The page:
A Tale of a Right Whale

Suspended at the center of the Sant Ocean Hall is a life-size model of a North Atlantic right whale named Phoenix. The result of four years of work, and collaboration between exhibit fabricators, whale biologists, sculptors, painters, engineers, and many others, this exhibit is unique and exciting in that it represents a live animal. Phoenix is part of a long tradition of exhibiting whales at the Smithsonian. In 1903, the Museum created the first full-cast of a whale ever displayed.

Phoenix has been tracked in her Atlantic Ocean environment by marine biologists at the New England Aquarium in Boston, ever since her birth off the coast of Georgia in 1987. Phoenix was chosen because so much is known about her and her family (her mother's name is Stumpy). She is the mother of three calves and became a grandmother in 2007. It's estimated that there are fewer than 500 of these whales alive today. Read her story in this slideshow, and learn more about North Atlantic right whales.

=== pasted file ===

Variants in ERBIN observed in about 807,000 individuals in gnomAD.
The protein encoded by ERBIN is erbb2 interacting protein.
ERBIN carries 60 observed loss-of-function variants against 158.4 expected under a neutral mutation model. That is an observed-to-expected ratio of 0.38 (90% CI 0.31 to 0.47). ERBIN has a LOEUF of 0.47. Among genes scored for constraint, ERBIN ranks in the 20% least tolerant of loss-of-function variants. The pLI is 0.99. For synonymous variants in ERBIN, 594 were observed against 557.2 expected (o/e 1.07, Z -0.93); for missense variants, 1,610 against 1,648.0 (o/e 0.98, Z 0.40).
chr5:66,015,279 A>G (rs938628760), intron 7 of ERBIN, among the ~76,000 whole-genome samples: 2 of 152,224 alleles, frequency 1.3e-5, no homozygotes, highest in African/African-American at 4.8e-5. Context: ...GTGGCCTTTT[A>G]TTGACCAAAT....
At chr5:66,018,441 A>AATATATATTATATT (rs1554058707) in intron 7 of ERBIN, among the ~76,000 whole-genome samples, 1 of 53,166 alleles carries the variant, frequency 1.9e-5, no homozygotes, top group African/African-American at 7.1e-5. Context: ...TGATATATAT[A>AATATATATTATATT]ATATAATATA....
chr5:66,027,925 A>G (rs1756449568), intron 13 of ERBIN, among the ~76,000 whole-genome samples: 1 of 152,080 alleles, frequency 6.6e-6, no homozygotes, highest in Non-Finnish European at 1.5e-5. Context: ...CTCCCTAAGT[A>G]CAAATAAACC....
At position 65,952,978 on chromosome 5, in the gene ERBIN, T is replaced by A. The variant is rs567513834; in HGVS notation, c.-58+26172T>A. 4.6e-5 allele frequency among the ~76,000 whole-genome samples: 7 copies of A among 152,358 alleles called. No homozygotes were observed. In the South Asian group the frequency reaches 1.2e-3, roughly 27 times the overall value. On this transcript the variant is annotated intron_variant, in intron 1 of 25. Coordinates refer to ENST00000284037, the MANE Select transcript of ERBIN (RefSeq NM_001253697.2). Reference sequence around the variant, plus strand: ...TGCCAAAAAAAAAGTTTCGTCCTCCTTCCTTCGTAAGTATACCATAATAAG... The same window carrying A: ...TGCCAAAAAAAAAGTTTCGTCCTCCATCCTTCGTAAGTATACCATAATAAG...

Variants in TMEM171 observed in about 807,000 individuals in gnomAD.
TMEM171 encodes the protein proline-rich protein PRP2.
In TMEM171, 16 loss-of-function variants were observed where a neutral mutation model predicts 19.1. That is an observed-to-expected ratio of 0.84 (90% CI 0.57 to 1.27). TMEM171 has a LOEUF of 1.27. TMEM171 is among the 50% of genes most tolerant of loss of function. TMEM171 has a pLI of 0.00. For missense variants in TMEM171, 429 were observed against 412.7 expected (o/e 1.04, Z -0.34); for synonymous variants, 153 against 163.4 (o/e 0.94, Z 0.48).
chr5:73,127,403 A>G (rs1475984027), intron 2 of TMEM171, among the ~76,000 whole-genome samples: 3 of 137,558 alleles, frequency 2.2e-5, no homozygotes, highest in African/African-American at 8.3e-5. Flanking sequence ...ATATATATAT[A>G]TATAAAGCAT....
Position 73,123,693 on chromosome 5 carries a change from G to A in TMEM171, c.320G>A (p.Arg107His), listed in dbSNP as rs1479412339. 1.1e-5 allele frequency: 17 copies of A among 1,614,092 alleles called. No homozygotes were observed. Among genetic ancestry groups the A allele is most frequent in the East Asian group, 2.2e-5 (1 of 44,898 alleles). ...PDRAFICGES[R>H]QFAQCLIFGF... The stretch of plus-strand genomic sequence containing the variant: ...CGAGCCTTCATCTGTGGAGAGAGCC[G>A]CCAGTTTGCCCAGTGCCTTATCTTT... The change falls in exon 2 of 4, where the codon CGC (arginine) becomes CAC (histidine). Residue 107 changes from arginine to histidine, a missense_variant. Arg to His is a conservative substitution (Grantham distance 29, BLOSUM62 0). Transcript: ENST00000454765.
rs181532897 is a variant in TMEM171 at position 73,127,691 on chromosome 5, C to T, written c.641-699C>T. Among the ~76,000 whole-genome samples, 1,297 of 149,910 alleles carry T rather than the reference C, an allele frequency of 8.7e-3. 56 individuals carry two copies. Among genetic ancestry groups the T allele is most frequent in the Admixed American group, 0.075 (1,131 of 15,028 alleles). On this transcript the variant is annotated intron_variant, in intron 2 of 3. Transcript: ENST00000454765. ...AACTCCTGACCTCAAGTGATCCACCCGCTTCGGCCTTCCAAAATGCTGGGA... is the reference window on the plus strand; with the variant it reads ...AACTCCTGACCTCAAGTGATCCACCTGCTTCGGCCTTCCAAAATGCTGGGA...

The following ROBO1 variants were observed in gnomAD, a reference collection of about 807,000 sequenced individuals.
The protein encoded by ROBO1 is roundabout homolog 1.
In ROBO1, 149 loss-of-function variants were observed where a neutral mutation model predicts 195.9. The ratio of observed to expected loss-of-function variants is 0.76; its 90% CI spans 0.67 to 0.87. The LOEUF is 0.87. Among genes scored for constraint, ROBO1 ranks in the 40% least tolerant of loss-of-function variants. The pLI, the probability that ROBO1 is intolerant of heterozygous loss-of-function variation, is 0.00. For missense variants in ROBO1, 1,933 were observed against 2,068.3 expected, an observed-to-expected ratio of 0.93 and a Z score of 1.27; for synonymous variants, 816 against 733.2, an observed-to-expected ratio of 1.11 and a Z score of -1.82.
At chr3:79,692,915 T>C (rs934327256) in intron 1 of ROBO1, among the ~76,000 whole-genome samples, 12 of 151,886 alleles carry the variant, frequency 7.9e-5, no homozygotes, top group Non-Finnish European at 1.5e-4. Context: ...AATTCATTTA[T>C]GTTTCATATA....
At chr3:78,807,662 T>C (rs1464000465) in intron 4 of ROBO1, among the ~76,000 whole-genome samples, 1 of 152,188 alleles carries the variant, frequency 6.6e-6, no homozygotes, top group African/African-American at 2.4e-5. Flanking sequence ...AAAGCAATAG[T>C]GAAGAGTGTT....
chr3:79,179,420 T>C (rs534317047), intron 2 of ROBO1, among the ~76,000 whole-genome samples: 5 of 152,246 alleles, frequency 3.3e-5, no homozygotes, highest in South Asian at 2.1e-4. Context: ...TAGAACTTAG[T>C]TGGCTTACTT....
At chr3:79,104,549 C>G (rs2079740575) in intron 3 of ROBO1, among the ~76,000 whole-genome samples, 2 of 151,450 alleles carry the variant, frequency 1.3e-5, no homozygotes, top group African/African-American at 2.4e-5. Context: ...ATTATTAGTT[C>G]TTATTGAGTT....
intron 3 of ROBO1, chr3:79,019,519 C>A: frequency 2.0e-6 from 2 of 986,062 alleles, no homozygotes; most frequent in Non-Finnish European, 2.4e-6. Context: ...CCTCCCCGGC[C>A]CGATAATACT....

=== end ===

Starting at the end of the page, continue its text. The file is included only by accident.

Phoenix the right whale diving in North Atlantic.
Phoenix swimming with her calf. Yankee Whalers: An 1856 Currier & Ives print shows whalers harpooning a right whale.The rough patches of skin known as callosities occur in unique patterns on all North Atlantic right whales and help researchers identify and track individual whales. This whale is named Phoenix.Researchers have identified five areas of high North Atlantic right whale concentration between Canada and Florida.Phoenix’s entanglement badly injured her right lip, leaving a distinctive scar from that ordeal.Phoenix’s mother, Stumpy (number 1004), was killed in a collision with a ship near Virginia in February 2004. She was pregnant with her sixth known calf.A view of the injured fluke belonging to Phoenix’s mother, Stumpy. It is not known what caused this injury. It possibly could have been an entanglement.Workers prepare to hoist the model of Phoenix, a North Atlantic Right Whale, into position above the exhibit hall floor in the Smithsonian National Museum of Natural History in Washington, DC.